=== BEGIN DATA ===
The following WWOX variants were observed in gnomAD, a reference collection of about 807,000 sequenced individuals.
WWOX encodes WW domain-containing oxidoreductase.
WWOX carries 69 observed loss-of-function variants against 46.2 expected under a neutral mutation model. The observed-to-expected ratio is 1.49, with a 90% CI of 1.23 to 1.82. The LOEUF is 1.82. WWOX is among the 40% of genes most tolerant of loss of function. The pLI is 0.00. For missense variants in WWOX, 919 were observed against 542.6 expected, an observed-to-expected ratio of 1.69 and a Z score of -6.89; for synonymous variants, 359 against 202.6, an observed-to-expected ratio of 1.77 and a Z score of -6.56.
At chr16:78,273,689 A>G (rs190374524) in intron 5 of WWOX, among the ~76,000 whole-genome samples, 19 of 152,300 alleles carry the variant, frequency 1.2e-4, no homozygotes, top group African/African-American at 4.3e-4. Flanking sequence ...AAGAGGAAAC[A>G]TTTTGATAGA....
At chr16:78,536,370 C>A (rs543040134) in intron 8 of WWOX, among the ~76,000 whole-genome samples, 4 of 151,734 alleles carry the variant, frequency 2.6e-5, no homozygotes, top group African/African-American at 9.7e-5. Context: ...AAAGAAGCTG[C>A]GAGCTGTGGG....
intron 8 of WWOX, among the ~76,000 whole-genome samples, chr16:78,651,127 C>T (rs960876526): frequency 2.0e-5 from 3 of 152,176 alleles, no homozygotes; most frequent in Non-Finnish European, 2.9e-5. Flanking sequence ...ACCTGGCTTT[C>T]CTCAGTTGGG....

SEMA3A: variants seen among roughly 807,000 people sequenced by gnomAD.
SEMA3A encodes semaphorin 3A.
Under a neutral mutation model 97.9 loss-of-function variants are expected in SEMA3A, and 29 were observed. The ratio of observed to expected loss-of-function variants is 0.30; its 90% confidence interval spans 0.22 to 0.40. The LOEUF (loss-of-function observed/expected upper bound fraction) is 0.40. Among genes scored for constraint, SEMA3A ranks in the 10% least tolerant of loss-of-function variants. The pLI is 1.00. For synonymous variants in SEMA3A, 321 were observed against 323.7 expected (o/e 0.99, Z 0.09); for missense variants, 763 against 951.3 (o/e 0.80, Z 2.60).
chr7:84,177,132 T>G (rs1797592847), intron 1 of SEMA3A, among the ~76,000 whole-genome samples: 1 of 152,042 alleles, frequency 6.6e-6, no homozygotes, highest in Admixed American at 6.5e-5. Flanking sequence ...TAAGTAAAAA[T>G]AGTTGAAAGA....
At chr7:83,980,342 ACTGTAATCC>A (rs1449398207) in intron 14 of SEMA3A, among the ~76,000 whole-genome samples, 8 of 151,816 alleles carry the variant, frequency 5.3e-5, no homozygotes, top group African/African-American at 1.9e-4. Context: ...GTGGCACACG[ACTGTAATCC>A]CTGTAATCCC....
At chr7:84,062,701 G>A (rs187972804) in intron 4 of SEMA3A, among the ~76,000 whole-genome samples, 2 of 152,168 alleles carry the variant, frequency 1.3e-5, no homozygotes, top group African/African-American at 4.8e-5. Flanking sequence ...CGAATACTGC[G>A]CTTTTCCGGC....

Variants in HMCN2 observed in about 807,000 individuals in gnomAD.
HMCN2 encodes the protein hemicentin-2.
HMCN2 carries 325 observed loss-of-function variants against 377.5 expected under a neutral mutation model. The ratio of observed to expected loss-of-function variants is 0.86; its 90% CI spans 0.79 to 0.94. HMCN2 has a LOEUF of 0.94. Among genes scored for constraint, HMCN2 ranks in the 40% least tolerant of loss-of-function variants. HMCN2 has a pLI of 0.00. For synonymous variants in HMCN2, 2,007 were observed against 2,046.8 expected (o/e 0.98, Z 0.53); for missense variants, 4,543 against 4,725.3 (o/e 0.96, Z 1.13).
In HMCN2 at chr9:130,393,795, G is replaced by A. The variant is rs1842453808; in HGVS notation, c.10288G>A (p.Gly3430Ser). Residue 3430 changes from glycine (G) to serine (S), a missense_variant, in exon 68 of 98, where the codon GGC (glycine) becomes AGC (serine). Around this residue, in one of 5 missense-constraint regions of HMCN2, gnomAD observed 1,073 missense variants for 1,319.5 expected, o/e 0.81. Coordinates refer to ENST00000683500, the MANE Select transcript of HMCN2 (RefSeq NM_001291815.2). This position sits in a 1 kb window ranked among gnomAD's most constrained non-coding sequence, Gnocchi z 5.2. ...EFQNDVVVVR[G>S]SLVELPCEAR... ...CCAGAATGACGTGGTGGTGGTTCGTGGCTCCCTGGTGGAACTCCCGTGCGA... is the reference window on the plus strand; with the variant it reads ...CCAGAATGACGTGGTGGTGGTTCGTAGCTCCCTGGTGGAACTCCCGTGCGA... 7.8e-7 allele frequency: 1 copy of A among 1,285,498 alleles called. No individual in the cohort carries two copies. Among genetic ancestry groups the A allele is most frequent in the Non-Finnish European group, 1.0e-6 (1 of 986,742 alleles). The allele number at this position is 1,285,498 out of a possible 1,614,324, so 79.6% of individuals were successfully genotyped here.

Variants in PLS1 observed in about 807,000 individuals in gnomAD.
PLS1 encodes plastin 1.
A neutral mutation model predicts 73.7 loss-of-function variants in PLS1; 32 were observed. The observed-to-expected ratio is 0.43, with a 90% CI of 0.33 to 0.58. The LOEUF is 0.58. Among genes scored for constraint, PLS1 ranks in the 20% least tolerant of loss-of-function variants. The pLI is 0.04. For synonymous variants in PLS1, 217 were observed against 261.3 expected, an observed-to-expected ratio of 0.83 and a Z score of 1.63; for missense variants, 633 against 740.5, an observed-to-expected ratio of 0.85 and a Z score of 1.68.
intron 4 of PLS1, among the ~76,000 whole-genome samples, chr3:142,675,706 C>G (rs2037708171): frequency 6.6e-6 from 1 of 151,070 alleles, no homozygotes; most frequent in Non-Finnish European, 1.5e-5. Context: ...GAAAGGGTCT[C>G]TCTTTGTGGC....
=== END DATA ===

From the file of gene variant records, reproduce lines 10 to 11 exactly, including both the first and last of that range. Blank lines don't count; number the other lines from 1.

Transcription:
chr7:84,177,132 T>G (rs1797592847), intron 1 of SEMA3A, among the ~76,000 whole-genome samples: 1 of 152,042 alleles, frequency 6.6e-6, no homozygotes, highest in Admixed American at 6.5e-5. Flanking sequence ...TAAGTAAAAA[T>G]AGTTGAAAGA....
At chr7:83,980,342 ACTGTAATCC>A (rs1449398207) in intron 14 of SEMA3A, among the ~76,000 whole-genome samples, 8 of 151,816 alleles carry the variant, frequency 5.3e-5, no homozygotes, top group African/African-American at 1.9e-4. Context: ...GTGGCACACG[ACTGTAATCC>A]CTGTAATCCC....